November 23, 2010 at 4:40 pm | Report abuse |
  11. Michael Bennett

    Where does it end? It is the american publics duty to question the security practices of our society. How much do we privacy do we give up? Will this lead down the eventual path of tracking everyone at all times? One might say that this is only air travel, but what happens when a subway train is blown up, or a city bus, or an apartment complex, or an entire city block or school. Should we go ahead and start on the slippery slope of giving up all secrecy and privacy to our daily lives just to make sure that the government understands that "you" personally are not a terrorist.

    November 23, 2010 at 4:40 pm | Report abuse |
  12. Anne

    Even ONE instance of these horror stories is too many. I don't care if they're in the extreme minority, no one should be subjected to the invasion and embarrassment of being drenched in their own urine or exposing their prosthetic breast to a stranger in crowded airport.

    November 23, 2010 at 4:40 pm | Report abuse |
  13. Martean

    As an aiport employee who has gone through the screening, I find that people a making a bigger deal out of this than what it really is. U can go to an x-ray technician at the doctor's office who will know your name, see your face and can have access to your medical history, no one complains. You get arrested by a police offficer who has to pat you down when they arrest you, no one complains. But heaven forbid someone see an outline of your body, doesn't know who you are and are in a completely different area looking at you, and that's a problem?? My how fickle people are.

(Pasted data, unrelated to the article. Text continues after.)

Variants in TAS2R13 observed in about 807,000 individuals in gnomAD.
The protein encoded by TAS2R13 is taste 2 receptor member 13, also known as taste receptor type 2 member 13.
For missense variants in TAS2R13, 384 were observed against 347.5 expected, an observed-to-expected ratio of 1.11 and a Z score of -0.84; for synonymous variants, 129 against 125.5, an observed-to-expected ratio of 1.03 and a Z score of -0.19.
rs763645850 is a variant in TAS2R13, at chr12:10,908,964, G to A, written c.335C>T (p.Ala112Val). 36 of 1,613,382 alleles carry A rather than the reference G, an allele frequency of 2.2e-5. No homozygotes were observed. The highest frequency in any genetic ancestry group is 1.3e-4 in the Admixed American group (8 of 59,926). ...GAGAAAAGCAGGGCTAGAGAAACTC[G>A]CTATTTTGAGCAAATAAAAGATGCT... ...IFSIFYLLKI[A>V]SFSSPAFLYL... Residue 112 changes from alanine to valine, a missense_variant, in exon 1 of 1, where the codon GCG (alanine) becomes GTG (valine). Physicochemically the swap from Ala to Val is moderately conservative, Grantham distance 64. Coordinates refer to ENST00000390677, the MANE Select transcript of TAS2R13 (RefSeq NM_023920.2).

November 23, 2010 at 4:43 pm | Report abuse |
    • Justamom

      Not the same thing. Especially the bit about how officers do a pat down when they arrest someone–that someone has usually done something wrong! Since the folks getting patdowns are 99.99% just travelers, perhaps people wouldn't complain if it were someone more professional or somewhere more private.

      November 23, 2010 at 5:03 pm | Report abuse |
  14. Tony Oakland, Ca.

    It's overblown. The GOP resists the idea of a unionized security force. The GOP is against workers getting fair wages with union representation. At the expense of securing our nation with needless delays for TSA appointments. The same ole GOP stunts........

    November 23, 2010 at 4:43 pm | Report abuse |
  15. NH

    Personally, I am done with airline travel altogether in this country.

    It's all just too much. Broadband internet has made business travel a relic of the past. And who would put up with any of this nonsense to go on a family vacation? At a certain point, this entire business model is going to breakdown completely and we'll be arguing about whether taxpayers should be bailing out airlines.

    November 23, 2010 at 4:44 pm | Report abuse |
    • Jim

      I agree completely – I'm just done with commercial air. Will be vacationing via roads this summer, and will spend the extra money to hire a private plane or ride-share in the future. Good night commercial air travel.

      November 23, 2010 at 5:01 pm | Report abuse |
1 2 3 4 5 6 7 8 9 10 11 12 13 14 15 16 17 18 19 20 21 22 23 24 25 26 27 28 29 30 31 32 33 34 35 36 37 38 39 40 41 42 43 44 45 46 47 48 49 50 51 52 53 54